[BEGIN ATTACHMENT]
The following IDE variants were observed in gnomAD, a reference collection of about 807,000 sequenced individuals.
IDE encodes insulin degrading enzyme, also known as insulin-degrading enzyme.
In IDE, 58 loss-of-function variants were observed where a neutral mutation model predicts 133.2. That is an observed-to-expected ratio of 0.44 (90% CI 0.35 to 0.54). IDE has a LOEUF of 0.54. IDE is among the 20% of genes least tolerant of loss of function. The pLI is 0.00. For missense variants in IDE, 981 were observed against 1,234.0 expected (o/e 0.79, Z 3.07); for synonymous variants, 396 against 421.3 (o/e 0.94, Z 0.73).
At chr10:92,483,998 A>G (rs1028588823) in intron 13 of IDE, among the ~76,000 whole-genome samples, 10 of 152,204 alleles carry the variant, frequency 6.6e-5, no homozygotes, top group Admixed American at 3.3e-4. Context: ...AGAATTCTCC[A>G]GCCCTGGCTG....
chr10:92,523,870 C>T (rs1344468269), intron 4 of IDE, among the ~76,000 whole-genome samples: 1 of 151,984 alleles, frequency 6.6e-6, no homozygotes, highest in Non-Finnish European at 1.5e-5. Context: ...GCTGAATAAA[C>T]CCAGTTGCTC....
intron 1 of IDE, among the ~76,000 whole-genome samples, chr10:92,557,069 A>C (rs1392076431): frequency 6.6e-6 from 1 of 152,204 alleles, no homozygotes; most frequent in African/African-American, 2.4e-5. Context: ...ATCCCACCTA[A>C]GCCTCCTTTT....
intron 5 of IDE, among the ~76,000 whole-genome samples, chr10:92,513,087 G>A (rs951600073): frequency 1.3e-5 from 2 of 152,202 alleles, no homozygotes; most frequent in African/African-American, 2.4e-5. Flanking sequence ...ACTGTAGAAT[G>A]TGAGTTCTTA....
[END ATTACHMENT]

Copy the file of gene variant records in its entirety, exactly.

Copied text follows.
The following IDE variants were observed in gnomAD, a reference collection of about 807,000 sequenced individuals.
IDE encodes insulin degrading enzyme, also known as insulin-degrading enzyme.
In IDE, 58 loss-of-function variants were observed where a neutral mutation model predicts 133.2. That is an observed-to-expected ratio of 0.44 (90% CI 0.35 to 0.54). IDE has a LOEUF of 0.54. IDE is among the 20% of genes least tolerant of loss of function. The pLI is 0.00. For missense variants in IDE, 981 were observed against 1,234.0 expected (o/e 0.79, Z 3.07); for synonymous variants, 396 against 421.3 (o/e 0.94, Z 0.73).
At chr10:92,483,998 A>G (rs1028588823) in intron 13 of IDE, among the ~76,000 whole-genome samples, 10 of 152,204 alleles carry the variant, frequency 6.6e-5, no homozygotes, top group Admixed American at 3.3e-4. Context: ...AGAATTCTCC[A>G]GCCCTGGCTG....
chr10:92,523,870 C>T (rs1344468269), intron 4 of IDE, among the ~76,000 whole-genome samples: 1 of 151,984 alleles, frequency 6.6e-6, no homozygotes, highest in Non-Finnish European at 1.5e-5. Context: ...GCTGAATAAA[C>T]CCAGTTGCTC....
intron 1 of IDE, among the ~76,000 whole-genome samples, chr10:92,557,069 A>C (rs1392076431): frequency 6.6e-6 from 1 of 152,204 alleles, no homozygotes; most frequent in African/African-American, 2.4e-5. Context: ...ATCCCACCTA[A>C]GCCTCCTTTT....
intron 5 of IDE, among the ~76,000 whole-genome samples, chr10:92,513,087 G>A (rs951600073): frequency 1.3e-5 from 2 of 152,202 alleles, no homozygotes; most frequent in African/African-American, 2.4e-5. Flanking sequence ...ACTGTAGAAT[G>A]TGAGTTCTTA....